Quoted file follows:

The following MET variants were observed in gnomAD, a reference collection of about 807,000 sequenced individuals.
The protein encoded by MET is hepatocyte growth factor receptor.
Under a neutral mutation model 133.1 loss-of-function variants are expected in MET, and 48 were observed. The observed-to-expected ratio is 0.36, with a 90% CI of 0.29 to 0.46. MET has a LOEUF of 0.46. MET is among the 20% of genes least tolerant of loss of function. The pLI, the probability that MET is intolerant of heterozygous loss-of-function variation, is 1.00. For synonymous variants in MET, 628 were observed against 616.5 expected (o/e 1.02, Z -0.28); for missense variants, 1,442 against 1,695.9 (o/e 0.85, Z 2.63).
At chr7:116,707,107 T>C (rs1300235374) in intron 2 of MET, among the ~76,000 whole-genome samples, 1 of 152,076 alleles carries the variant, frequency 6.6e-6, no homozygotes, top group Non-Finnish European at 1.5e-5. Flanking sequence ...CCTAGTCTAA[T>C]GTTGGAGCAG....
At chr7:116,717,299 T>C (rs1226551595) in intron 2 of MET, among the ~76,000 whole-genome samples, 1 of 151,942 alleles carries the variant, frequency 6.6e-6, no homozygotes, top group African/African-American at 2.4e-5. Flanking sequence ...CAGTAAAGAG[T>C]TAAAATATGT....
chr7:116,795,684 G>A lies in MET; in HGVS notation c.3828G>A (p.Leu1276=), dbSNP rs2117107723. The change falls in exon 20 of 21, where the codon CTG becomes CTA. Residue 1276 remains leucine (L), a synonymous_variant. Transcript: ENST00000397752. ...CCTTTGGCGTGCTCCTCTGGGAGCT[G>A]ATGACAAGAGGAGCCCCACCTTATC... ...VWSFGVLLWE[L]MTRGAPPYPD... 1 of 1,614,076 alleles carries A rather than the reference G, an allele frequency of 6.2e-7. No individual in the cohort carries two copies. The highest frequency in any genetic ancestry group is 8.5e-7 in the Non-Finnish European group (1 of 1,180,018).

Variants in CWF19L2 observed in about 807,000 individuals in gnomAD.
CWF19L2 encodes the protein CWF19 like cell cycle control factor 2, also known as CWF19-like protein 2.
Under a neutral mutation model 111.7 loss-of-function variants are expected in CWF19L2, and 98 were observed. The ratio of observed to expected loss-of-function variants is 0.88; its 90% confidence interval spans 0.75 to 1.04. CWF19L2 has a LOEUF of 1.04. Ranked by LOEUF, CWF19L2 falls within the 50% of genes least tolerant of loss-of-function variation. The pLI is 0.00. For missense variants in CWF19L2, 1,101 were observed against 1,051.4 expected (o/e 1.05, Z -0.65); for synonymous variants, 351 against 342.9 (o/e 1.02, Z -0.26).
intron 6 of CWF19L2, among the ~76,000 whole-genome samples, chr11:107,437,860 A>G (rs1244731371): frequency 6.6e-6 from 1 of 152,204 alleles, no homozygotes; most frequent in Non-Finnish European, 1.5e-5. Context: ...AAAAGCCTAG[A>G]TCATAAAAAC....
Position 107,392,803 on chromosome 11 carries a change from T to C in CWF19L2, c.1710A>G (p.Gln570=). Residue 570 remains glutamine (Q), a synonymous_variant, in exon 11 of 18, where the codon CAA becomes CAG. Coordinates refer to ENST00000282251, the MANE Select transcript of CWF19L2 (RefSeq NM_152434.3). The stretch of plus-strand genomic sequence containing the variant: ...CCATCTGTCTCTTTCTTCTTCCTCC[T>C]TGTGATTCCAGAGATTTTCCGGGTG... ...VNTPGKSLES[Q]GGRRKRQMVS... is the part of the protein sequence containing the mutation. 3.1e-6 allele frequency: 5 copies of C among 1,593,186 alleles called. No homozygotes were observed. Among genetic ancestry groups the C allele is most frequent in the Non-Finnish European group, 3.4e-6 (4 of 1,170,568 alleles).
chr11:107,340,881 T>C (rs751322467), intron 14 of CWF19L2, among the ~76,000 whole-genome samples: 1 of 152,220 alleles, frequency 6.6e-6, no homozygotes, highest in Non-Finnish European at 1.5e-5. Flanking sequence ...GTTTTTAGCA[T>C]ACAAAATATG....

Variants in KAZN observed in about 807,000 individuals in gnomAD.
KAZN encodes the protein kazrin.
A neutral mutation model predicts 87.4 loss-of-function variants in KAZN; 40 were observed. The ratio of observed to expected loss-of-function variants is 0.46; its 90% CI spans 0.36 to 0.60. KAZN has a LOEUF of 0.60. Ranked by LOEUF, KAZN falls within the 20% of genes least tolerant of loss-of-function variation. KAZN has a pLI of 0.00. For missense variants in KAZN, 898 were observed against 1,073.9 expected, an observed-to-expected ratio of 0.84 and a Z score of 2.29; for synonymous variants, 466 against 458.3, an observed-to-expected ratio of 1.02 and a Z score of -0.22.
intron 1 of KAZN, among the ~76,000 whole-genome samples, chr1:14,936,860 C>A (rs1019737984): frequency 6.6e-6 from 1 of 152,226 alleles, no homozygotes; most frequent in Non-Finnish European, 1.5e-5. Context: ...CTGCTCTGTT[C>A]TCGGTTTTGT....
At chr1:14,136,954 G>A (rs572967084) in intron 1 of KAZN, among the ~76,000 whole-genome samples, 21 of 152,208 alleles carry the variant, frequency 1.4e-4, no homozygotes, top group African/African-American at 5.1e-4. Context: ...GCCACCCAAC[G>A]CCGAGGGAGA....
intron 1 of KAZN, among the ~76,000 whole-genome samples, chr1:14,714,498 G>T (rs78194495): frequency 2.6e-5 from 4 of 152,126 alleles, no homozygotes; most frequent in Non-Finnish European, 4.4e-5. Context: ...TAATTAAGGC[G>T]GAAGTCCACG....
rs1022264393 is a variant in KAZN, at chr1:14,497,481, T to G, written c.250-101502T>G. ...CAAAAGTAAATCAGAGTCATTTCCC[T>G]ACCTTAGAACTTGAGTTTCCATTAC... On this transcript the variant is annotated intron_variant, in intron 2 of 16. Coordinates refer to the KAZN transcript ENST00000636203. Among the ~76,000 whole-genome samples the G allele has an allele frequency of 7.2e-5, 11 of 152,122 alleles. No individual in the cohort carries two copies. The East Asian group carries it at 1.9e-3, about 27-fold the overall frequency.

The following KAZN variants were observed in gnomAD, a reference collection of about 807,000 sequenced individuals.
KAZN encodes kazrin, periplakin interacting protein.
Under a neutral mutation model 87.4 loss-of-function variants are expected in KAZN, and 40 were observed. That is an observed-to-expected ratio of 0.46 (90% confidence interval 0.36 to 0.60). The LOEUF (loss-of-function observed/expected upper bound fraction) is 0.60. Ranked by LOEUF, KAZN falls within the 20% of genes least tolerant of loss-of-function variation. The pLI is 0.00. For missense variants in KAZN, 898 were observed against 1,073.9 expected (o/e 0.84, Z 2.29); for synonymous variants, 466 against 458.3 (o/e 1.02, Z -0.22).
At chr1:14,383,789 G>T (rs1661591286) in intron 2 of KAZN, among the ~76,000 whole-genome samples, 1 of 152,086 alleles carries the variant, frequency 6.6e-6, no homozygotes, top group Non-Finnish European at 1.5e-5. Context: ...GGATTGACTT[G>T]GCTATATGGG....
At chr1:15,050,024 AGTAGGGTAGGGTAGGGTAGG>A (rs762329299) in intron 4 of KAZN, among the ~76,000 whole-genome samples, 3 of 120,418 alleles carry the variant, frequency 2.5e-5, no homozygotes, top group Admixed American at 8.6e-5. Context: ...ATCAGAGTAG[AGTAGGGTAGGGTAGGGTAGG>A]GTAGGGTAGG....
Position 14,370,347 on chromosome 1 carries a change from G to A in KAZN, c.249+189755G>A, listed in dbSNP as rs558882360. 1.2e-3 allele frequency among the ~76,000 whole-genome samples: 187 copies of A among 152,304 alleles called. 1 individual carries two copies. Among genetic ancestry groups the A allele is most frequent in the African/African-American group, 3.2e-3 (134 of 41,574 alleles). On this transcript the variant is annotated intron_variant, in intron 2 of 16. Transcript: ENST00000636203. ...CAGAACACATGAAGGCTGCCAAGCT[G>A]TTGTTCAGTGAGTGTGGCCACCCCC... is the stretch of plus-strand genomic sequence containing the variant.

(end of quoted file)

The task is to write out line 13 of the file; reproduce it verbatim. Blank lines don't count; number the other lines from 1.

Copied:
Variants in KAZN observed in about 807,000 individuals in gnomAD.